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April 18, 2011

April 18, 2011 | News Releases on

Bill Rusher Spoke Conservatism to Common Man

Washington, D.C., April 18, 2011 -- Heritage President Edwin J. Feulner released the following statement on the death April 16 of William Rusher, longtime publisher of National Review and leader of the conservative movement:

Bill Rusher was much more than “Bill Buckley’s Publisher.” Yes, he was that, and yes, he did bring business sense, circulation growth, national attention and management continuity to National Review, the conservative movement’s leading publication for so many years. But Rusher also was an independent voice for solid, grassroots conservatism.

Most of us don’t identify the grass roots with either Yale (Buckley) or Princeton (Rusher). Buckley elevated our intellectual level and had us constantly referring to our Webster’s (for this generation, that’s a printed book called a “dictionary”).

Bill Rusher at The Heritage FoundationRusher, on the other hand, talked the language of the common man. He gave voice to our frustrations with the overweening liberal welfare state, whether it was being pushed by a Democrat (LBJ) or a Republican (Nixon). His column was the forerunner for many strong conservative writers who flourish today.

Bill Rusher’s active leadership on the PBS television debate series “The Advocates” was important to modern conservatism for two reasons: First, it gave equal consideration to our side of the argument at a time when the American people were limited to the mainstream media which was dominated by Walter Cronkite et al. Secondly, Rusher introduced up-and-coming conservative spokesmen to this national audience.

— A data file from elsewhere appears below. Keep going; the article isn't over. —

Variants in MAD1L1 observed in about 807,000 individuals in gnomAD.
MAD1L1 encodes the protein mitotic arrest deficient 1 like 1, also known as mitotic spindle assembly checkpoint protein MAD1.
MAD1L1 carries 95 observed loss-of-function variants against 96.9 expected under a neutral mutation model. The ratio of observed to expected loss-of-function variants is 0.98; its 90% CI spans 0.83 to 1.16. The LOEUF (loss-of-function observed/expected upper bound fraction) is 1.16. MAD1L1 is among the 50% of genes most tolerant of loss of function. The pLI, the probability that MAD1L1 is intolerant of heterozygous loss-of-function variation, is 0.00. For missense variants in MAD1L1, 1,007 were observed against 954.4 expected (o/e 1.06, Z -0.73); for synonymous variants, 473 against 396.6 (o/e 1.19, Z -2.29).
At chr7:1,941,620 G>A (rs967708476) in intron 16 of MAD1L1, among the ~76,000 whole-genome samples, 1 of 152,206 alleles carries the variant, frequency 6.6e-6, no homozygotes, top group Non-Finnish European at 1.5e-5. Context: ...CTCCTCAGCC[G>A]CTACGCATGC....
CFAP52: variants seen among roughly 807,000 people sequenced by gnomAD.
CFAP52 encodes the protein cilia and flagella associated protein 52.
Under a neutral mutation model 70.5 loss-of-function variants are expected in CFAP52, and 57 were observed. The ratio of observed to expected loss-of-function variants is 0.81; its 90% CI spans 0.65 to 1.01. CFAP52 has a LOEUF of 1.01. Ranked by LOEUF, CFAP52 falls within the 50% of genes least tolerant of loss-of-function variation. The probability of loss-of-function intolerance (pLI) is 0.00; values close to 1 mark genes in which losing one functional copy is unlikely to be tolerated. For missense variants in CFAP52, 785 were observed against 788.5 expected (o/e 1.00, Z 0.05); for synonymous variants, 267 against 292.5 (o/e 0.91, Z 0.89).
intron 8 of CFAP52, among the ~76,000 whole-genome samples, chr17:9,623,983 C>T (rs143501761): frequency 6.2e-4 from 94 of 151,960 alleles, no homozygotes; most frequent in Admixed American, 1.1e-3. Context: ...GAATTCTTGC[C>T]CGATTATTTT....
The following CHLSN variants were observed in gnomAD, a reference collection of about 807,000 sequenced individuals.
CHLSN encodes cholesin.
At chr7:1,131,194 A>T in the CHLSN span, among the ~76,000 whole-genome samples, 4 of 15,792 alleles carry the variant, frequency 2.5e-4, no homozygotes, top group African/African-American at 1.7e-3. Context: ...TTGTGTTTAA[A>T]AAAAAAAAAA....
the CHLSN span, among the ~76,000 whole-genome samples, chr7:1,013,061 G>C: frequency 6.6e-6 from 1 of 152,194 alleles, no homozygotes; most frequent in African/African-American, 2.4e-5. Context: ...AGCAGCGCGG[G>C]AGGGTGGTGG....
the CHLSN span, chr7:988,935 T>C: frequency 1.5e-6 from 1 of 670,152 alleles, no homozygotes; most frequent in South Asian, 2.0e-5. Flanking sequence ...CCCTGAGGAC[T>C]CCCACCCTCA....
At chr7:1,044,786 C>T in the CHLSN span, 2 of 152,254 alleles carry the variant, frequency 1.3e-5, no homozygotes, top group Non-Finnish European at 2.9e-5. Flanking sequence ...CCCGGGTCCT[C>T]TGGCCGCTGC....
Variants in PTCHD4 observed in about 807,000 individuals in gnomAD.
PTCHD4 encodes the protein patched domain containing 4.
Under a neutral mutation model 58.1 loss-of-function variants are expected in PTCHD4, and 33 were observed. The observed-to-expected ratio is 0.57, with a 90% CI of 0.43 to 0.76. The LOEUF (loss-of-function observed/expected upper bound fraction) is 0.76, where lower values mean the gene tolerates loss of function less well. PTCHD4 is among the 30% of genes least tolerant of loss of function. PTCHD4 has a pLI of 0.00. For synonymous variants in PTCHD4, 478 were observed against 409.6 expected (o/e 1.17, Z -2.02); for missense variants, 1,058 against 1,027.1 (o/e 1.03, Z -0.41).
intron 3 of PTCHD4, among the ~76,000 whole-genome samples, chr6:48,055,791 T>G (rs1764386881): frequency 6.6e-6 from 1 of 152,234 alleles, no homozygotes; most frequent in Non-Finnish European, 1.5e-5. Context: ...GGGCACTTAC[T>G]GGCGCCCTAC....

To watch a young congressman such as John Ashbrook, Phil Crane or Steve Symms argue for the conservative viewpoint against the liberal icons of the day -- Michael Harrington, Robert Drinan or Ron Dellums -- gave us all confidence and a feeling of being a part of something bigger than a few recalcitrant naysayers.

It’s not a stretch to say that Rusher’s “credentialing” of conservative ideas in a head-to-head matchup with the best the liberals could put up was a real forerunner of today’s efforts to get the message out through talk radio, cable news and newer outlets such as Facebook and Twitter.

Bill Buckley, a dear friend whom we all admired in an awestruck way, and Bill Rusher, a feisty, down-to-earth fellow, were the ying and the yang of the modern conservative movement from the 1950s to the turn of the century. How we all miss both of them. And now, with Bill Rusher gone, how they must be enjoying each other’s company again in that Better Place where they are reunited.

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